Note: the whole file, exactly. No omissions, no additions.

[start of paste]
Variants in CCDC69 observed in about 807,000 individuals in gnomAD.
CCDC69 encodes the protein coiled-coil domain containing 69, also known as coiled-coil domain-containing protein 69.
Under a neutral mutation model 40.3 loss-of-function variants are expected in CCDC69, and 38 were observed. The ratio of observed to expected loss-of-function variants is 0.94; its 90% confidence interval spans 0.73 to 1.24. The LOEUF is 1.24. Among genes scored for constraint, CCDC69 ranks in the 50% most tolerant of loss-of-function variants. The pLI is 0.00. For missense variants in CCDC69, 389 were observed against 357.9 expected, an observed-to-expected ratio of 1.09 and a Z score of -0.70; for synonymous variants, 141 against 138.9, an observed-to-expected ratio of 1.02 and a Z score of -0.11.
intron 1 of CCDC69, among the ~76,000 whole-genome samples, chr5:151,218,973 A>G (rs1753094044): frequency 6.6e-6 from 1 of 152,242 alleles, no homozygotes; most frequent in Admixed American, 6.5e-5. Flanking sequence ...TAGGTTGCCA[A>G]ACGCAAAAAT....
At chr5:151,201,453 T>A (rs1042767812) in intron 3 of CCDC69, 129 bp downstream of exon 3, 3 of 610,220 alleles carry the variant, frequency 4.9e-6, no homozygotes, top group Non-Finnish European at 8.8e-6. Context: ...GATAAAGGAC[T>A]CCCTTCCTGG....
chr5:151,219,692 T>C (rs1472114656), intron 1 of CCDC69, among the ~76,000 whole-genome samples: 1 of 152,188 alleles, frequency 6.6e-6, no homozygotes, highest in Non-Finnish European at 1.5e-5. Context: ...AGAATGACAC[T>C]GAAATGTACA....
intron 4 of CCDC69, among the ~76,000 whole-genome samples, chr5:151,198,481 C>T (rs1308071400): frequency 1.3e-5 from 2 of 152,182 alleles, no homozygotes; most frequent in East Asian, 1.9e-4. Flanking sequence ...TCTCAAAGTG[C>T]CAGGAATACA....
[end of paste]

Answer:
Variants in CCDC69 observed in about 807,000 individuals in gnomAD.
CCDC69 encodes the protein coiled-coil domain containing 69, also known as coiled-coil domain-containing protein 69.
Under a neutral mutation model 40.3 loss-of-function variants are expected in CCDC69, and 38 were observed. The ratio of observed to expected loss-of-function variants is 0.94; its 90% confidence interval spans 0.73 to 1.24. The LOEUF is 1.24. Among genes scored for constraint, CCDC69 ranks in the 50% most tolerant of loss-of-function variants. The pLI is 0.00. For missense variants in CCDC69, 389 were observed against 357.9 expected, an observed-to-expected ratio of 1.09 and a Z score of -0.70; for synonymous variants, 141 against 138.9, an observed-to-expected ratio of 1.02 and a Z score of -0.11.
intron 1 of CCDC69, among the ~76,000 whole-genome samples, chr5:151,218,973 A>G (rs1753094044): frequency 6.6e-6 from 1 of 152,242 alleles, no homozygotes; most frequent in Admixed American, 6.5e-5. Flanking sequence ...TAGGTTGCCA[A>G]ACGCAAAAAT....
At chr5:151,201,453 T>A (rs1042767812) in intron 3 of CCDC69, 129 bp downstream of exon 3, 3 of 610,220 alleles carry the variant, frequency 4.9e-6, no homozygotes, top group Non-Finnish European at 8.8e-6. Context: ...GATAAAGGAC[T>A]CCCTTCCTGG....
chr5:151,219,692 T>C (rs1472114656), intron 1 of CCDC69, among the ~76,000 whole-genome samples: 1 of 152,188 alleles, frequency 6.6e-6, no homozygotes, highest in Non-Finnish European at 1.5e-5. Context: ...AGAATGACAC[T>C]GAAATGTACA....
intron 4 of CCDC69, among the ~76,000 whole-genome samples, chr5:151,198,481 C>T (rs1308071400): frequency 1.3e-5 from 2 of 152,182 alleles, no homozygotes; most frequent in East Asian, 1.9e-4. Flanking sequence ...TCTCAAAGTG[C>T]CAGGAATACA....